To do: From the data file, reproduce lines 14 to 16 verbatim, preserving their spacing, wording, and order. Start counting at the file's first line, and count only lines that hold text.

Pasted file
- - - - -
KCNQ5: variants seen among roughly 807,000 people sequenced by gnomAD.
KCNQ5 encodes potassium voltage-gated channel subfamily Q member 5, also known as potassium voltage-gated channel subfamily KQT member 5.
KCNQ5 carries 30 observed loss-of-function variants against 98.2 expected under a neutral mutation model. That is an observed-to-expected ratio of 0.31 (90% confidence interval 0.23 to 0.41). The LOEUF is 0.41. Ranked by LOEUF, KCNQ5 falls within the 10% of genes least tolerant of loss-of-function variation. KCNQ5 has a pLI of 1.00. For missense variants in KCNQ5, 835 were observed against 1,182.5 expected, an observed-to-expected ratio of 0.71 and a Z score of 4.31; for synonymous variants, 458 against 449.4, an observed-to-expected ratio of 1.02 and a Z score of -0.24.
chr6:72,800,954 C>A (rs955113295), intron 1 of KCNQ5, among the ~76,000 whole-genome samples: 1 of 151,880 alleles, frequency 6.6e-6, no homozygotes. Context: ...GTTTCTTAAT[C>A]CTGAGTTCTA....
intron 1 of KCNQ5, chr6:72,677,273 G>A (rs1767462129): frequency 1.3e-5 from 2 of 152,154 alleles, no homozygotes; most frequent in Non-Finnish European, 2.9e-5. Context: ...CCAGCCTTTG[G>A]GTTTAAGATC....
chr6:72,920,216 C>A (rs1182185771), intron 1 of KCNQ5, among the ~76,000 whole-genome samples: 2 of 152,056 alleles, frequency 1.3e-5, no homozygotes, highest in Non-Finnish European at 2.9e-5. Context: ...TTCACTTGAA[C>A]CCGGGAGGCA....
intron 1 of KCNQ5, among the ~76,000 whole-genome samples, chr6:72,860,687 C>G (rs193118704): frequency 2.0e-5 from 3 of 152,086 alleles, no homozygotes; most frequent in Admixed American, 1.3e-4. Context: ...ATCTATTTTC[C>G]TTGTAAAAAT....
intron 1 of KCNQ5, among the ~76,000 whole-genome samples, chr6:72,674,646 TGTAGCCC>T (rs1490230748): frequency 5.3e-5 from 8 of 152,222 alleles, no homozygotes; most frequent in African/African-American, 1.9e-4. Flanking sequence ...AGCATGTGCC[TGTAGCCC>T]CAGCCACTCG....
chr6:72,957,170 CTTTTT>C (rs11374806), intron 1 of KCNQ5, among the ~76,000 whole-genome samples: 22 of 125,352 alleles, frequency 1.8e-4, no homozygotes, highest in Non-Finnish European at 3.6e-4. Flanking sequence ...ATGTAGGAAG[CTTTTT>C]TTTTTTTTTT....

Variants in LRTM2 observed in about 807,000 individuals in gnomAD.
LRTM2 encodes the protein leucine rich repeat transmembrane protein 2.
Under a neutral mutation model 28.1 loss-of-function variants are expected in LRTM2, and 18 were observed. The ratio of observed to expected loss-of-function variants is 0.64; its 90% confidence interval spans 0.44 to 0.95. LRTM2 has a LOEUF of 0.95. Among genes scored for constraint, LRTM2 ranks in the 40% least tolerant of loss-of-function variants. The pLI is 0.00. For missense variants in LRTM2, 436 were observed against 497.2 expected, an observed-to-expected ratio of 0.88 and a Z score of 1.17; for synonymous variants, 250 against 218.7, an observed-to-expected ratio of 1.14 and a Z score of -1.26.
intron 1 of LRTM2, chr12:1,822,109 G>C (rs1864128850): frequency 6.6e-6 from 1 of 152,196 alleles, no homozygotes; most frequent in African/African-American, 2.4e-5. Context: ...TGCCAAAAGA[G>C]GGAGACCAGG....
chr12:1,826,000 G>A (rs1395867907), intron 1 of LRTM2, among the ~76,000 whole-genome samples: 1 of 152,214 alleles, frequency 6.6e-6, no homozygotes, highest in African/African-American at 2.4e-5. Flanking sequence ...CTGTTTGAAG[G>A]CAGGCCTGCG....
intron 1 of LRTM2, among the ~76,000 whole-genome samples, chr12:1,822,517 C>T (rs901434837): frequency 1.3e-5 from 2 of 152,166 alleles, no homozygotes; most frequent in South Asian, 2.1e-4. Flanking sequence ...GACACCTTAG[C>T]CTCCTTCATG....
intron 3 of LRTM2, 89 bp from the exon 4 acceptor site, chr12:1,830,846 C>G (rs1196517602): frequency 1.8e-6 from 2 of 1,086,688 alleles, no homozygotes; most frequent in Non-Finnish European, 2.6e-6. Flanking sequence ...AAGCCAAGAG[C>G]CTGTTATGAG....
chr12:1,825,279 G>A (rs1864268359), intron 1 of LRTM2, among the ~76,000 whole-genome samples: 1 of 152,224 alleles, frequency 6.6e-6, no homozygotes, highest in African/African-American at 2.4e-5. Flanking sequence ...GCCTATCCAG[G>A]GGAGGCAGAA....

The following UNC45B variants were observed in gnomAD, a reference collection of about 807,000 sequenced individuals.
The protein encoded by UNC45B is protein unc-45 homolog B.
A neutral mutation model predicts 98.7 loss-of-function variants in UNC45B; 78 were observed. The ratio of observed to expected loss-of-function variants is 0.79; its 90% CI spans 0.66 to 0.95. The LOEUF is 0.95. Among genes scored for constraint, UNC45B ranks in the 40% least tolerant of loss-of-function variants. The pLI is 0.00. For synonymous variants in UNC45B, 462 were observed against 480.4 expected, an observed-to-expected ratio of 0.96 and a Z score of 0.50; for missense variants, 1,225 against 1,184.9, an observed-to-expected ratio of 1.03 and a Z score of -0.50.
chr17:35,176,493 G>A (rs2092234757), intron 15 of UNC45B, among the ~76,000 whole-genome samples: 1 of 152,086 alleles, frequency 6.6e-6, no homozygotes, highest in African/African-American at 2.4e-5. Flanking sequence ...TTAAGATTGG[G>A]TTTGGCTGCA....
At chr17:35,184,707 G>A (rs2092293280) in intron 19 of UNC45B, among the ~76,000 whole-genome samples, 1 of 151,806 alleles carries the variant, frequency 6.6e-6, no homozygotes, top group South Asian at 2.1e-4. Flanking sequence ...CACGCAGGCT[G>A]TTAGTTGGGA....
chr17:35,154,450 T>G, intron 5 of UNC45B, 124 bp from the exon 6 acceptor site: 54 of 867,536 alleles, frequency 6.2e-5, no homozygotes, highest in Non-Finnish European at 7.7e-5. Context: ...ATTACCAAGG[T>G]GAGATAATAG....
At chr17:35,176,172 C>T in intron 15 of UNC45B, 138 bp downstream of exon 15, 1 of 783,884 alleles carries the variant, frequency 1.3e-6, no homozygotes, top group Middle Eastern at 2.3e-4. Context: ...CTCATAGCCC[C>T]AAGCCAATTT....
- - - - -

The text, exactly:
chr12:1,826,000 G>A (rs1395867907), intron 1 of LRTM2, among the ~76,000 whole-genome samples: 1 of 152,214 alleles, frequency 6.6e-6, no homozygotes, highest in African/African-American at 2.4e-5. Flanking sequence ...CTGTTTGAAG[G>A]CAGGCCTGCG....
intron 1 of LRTM2, among the ~76,000 whole-genome samples, chr12:1,822,517 C>T (rs901434837): frequency 1.3e-5 from 2 of 152,166 alleles, no homozygotes; most frequent in South Asian, 2.1e-4. Flanking sequence ...GACACCTTAG[C>T]CTCCTTCATG....
intron 3 of LRTM2, 89 bp from the exon 4 acceptor site, chr12:1,830,846 C>G (rs1196517602): frequency 1.8e-6 from 2 of 1,086,688 alleles, no homozygotes; most frequent in Non-Finnish European, 2.6e-6. Flanking sequence ...AAGCCAAGAG[C>G]CTGTTATGAG....